If an employee is expected to render first aid as part of his or her job duties, the employee is covered by the requirements of the Occupational Exposure to Bloodborne Pathogens standard (29 CFR 1910.1030). This standard includes specific training requirements.

A few of the medical emergency procedures mentioned in this guide as first aid may be considered medical treatment for OSHA recordkeeping purposes. The OSHA Recording and Reporting Occupational Injuries and Illnesses regulation (29 CFR 1904) provides specific definitions of first aid and medical treatment. If a medical emergency procedure which is considered by 29 CFR 1904 to be medical treatment is performed on an employee with an
occupational injury or illness, then the injury or illness will be regarded as recordable on the OSHA 300 Log.

Tuesday, November 6, 2012

First Aid Program Fundamentals Part 2: The Risks

Risks: Injuries, Illnesses and Fatalities

There were 5,703 work-related fatalities in private industry in 2004. In that same year there were 4.3 million total workplace injuries and illnesses, of which 1.3 million resulted in days away from work.

Occupational illnesses, injuries and fatalities in 2004 cost the United States’ economy $142.2 billion, according to National Safety Council estimates. The average cost per occupational fatality in 2004 exceeded one million dollars. To cover the costs to employers from workplace injuries, it has been calculated that each and every employee in this country would have had to generate $1,010 in revenue in 2004.2

Sudden cardiac arrest (SCA) may occur at work. According to recent statistics from the American Heart Association, there are 250,000 out-of-hospital SCAs annually. The actual number of SCAs that happen at work are unknown. If an employee collapses without warning and is not attended to promptly and  effectively, the employee may die. Sudden cardiac arrest is caused by abnormal, uncoordinated beating of the heart or loss of the heartbeat altogether, usually as a result of a heart attack. Workplace events such as electrocution or exposure to low oxygen environments can lead to SCA. Overexertion at work can also trigger SCA in those with underlying heart disease. The outcome of occupational illnesses and injuries depends on the severity of the injury, available first-aid care and medical treatment. Prompt, properly administered first aid may mean the difference between rapid or prolonged recovery, temporary or permanent disability, and even life or death.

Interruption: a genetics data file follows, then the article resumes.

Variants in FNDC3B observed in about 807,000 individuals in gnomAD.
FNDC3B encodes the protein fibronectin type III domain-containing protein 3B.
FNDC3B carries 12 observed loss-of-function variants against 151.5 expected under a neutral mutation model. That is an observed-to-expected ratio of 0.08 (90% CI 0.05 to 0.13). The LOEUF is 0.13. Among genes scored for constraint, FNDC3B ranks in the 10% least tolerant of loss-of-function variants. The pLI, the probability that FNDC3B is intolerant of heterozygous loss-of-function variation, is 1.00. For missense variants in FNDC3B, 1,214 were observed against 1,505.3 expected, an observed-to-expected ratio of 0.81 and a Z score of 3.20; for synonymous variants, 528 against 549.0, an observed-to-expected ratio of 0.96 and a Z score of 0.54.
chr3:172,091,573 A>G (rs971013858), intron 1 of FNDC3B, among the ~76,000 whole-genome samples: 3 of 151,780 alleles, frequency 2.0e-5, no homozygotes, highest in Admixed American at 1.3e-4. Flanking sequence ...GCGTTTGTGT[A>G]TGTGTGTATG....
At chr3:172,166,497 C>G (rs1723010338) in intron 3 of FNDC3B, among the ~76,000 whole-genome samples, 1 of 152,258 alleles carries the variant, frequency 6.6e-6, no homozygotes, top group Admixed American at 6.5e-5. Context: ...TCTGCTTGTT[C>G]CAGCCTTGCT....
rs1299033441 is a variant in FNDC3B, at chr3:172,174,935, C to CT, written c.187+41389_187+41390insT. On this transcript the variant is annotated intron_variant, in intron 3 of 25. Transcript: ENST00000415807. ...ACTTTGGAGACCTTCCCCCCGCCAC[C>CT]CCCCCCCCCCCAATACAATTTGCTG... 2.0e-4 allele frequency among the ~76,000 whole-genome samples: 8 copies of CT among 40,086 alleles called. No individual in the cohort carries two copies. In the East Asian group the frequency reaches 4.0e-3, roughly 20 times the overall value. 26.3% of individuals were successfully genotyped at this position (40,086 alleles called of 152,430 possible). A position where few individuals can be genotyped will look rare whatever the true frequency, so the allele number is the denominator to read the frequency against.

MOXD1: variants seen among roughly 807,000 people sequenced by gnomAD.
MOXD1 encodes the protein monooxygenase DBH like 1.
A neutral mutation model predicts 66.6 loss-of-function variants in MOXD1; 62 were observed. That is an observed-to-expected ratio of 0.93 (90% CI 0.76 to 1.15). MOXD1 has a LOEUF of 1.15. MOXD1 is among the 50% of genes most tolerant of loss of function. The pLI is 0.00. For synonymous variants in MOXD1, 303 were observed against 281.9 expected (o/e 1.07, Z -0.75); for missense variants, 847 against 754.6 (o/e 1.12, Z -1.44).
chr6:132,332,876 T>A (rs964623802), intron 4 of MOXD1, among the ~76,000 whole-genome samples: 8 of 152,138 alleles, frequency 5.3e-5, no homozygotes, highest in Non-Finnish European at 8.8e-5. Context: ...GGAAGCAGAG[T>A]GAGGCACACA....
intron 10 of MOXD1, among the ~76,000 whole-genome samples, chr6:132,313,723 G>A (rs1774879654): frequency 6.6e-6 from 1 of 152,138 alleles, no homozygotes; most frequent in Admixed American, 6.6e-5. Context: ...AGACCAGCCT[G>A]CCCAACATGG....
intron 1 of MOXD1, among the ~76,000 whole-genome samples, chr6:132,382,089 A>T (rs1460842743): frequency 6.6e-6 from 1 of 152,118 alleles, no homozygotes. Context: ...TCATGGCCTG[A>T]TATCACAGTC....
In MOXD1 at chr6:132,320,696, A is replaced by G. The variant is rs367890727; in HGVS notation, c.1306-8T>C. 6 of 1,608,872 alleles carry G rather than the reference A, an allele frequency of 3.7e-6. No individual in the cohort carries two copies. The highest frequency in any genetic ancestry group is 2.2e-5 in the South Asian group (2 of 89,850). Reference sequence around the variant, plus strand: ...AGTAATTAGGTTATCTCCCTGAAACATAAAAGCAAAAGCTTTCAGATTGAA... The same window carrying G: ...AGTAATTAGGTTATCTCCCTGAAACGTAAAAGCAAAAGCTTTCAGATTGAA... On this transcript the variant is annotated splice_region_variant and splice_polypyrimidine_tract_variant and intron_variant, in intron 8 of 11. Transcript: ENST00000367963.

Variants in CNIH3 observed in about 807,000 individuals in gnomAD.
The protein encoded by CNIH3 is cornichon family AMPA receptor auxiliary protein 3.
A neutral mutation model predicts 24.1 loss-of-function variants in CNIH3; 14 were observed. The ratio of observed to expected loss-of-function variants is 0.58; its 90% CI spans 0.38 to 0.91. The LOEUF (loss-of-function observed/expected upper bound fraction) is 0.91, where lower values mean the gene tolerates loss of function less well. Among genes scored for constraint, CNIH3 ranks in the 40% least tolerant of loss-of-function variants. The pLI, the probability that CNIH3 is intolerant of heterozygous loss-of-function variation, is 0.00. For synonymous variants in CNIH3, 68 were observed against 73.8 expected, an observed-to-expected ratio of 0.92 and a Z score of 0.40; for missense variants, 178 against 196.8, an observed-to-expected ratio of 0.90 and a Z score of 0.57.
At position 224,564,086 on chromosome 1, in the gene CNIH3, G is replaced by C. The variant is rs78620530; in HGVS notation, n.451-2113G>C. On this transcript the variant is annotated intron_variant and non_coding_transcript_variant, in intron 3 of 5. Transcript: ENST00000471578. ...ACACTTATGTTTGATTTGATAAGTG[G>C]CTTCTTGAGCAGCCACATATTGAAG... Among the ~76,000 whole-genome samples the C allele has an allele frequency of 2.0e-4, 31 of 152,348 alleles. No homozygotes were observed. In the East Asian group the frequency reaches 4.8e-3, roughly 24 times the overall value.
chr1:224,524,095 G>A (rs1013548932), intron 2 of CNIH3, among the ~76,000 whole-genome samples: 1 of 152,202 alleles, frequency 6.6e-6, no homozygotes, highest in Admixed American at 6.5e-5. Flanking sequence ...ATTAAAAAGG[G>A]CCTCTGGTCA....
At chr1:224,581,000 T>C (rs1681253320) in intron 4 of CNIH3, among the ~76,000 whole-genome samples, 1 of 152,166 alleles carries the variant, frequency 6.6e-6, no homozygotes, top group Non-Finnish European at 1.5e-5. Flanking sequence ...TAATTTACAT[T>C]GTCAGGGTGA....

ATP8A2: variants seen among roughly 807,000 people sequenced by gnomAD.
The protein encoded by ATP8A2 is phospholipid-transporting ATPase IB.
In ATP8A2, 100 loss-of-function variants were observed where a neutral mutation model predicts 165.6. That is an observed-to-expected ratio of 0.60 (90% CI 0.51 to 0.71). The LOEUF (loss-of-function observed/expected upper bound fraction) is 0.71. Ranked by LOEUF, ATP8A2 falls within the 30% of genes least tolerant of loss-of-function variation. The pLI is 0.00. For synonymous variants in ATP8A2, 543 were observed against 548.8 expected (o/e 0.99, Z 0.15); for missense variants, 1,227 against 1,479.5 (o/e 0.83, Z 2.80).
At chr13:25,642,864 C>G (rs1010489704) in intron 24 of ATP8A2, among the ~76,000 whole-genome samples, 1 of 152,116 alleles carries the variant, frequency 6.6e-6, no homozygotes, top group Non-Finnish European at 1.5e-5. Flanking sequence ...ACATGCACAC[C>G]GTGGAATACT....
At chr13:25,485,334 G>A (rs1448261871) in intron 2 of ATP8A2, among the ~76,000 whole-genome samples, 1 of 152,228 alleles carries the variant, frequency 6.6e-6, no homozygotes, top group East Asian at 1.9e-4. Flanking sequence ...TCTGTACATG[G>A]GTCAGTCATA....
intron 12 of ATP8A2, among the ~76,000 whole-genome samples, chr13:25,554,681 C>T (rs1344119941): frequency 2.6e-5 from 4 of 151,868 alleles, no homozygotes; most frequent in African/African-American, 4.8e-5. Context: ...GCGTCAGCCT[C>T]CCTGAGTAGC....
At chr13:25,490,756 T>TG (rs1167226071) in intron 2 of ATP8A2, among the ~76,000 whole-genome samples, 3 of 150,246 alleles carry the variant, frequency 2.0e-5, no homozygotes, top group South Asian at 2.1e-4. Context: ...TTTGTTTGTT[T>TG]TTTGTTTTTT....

Assess the Risks and Design a First-Aid Program Specific for Worksite

 Obtaining and evaluating information about the injuries, illnesses and fatalities at a worksite are essential first steps in planning a first-aid program. Employers can use the OSHA 300 log, OSHA 301 forms, their Workers’ Compensation insurance carrier reports or other records to help identify the first-aid needs for their businesses. For risk assessment purposes, national data for injuries, illnesses and fatalities may be obtained from the Bureau of Labor Statistics (BLS) website at www.bls.gov/iif. The annual data, beginning in 2003, are grouped by the North American Industrial Classification System (NAICS) that assigns a numeric
code for each type of work establishment. Prior to 2003, the Standard Industrial Classification (SIC) system was used to categorize the data instead of NAICS.

 Employers should make an effort to obtain estimates of EMS response times for all permanent and temporary locations and for all times of the day and night at which they have workers on duty, and they should use that information when planning their first-aid program. When developing a workplace first-aid program, consultation with the local fire and rescue service or emergency medical professionals may be helpful for response time information and other program issues. Because it can be a workplace event, SCA should be considered by employers when planning a first-aid program.

It is advisable to put the First-Aid Program policies and procedures in writing. Policies and procedures should be communicated to all employees, including those workers who may not read or speak English. Language barriers should be addressed both in instructing employees on first-aid policies and procedures
and when designating individuals who will receive first-aid training and become the on-site first-aid providers.